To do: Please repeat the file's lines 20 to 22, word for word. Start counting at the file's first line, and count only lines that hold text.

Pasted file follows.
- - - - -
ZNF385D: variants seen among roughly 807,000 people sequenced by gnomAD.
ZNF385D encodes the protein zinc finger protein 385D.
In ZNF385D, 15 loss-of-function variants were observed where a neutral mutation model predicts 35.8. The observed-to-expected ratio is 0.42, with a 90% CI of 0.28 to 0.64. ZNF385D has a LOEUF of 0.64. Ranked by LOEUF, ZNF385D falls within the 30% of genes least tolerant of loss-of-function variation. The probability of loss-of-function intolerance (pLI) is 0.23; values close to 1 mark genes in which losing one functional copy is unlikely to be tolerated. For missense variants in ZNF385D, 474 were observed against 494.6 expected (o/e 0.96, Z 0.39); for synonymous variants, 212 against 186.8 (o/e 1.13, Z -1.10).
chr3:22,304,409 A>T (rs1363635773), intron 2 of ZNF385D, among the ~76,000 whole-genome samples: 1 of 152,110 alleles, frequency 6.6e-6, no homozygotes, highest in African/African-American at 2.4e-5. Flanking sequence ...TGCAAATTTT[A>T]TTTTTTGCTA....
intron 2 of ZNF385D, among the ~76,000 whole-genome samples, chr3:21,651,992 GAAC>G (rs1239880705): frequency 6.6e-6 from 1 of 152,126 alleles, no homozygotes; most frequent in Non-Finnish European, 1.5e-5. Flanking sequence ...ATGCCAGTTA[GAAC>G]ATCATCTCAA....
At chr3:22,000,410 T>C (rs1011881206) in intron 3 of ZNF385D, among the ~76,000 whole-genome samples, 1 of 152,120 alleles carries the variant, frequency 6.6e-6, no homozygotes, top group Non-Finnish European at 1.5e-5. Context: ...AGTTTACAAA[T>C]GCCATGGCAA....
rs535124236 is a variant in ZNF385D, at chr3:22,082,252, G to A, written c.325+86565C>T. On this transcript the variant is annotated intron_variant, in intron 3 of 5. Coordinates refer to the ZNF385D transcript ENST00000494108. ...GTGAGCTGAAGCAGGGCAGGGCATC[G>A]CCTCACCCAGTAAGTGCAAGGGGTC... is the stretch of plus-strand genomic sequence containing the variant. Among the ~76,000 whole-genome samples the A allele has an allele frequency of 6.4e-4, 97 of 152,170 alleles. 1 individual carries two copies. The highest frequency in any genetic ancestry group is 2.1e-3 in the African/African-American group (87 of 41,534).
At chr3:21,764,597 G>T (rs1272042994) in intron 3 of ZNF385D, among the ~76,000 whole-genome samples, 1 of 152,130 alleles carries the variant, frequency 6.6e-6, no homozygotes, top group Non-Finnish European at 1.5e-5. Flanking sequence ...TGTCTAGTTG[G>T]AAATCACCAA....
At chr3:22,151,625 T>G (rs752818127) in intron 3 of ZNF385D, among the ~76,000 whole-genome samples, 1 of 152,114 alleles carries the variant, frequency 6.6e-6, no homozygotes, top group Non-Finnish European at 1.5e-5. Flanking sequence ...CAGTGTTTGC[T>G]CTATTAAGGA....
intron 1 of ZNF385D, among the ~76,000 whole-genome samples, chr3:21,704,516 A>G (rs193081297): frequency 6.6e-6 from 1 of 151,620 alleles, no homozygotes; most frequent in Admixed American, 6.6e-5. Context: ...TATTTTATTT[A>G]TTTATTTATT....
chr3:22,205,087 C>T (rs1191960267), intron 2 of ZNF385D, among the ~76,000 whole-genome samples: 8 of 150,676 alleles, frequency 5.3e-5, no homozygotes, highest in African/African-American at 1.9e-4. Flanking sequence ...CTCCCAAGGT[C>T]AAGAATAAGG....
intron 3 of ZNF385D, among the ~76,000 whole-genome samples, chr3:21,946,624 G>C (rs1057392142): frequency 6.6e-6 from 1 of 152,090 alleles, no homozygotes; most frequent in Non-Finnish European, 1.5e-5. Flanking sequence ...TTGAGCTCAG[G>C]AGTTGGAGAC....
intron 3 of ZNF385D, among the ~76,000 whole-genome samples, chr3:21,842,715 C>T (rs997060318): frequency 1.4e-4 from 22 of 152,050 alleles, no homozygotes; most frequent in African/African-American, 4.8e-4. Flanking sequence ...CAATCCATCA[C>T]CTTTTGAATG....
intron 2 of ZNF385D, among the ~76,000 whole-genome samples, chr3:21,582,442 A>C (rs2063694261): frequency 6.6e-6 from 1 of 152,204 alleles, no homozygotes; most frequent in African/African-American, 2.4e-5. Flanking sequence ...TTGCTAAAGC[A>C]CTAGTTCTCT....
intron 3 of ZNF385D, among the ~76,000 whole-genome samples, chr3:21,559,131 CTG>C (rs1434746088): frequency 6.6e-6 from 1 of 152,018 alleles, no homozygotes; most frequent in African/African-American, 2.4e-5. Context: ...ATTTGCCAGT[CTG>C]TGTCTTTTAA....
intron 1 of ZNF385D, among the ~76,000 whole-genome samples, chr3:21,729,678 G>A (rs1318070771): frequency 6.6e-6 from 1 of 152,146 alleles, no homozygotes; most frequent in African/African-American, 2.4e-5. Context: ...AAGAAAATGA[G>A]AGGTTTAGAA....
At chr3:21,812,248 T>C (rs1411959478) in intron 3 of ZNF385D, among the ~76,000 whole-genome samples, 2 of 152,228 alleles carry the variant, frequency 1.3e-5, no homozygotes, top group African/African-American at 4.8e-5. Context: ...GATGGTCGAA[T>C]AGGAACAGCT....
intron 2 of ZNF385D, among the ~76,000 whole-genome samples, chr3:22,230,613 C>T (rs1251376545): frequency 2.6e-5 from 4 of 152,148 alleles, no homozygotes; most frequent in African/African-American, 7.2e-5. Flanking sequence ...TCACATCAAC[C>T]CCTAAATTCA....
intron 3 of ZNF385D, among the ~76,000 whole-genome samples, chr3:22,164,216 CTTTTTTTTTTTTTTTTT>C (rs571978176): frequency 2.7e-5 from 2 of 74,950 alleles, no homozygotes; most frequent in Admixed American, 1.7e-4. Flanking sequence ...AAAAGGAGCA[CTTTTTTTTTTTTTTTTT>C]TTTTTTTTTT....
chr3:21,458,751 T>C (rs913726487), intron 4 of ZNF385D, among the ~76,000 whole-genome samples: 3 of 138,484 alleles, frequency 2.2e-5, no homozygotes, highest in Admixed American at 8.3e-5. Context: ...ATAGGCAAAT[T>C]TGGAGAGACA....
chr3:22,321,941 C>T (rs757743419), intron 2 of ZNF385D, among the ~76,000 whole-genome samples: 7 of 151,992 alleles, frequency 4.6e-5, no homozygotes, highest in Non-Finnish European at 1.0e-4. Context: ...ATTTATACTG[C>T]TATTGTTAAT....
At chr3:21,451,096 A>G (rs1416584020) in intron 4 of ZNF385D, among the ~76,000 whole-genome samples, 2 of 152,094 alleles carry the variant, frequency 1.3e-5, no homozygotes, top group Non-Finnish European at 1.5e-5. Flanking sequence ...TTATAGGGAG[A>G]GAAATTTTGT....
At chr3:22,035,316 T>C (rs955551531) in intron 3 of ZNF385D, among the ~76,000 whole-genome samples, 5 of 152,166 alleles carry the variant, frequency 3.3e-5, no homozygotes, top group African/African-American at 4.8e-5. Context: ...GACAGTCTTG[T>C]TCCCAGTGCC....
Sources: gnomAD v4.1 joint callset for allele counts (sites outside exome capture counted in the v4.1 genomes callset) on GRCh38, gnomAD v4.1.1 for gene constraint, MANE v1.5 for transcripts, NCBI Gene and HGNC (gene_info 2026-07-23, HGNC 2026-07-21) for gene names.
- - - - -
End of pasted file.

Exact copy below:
chr3:21,458,751 T>C (rs913726487), intron 4 of ZNF385D, among the ~76,000 whole-genome samples: 3 of 138,484 alleles, frequency 2.2e-5, no homozygotes, highest in Admixed American at 8.3e-5. Context: ...ATAGGCAAAT[T>C]TGGAGAGACA....
chr3:22,321,941 C>T (rs757743419), intron 2 of ZNF385D, among the ~76,000 whole-genome samples: 7 of 151,992 alleles, frequency 4.6e-5, no homozygotes, highest in Non-Finnish European at 1.0e-4. Context: ...ATTTATACTG[C>T]TATTGTTAAT....
At chr3:21,451,096 A>G (rs1416584020) in intron 4 of ZNF385D, among the ~76,000 whole-genome samples, 2 of 152,094 alleles carry the variant, frequency 1.3e-5, no homozygotes, top group Non-Finnish European at 1.5e-5. Flanking sequence ...TTATAGGGAG[A>G]GAAATTTTGT....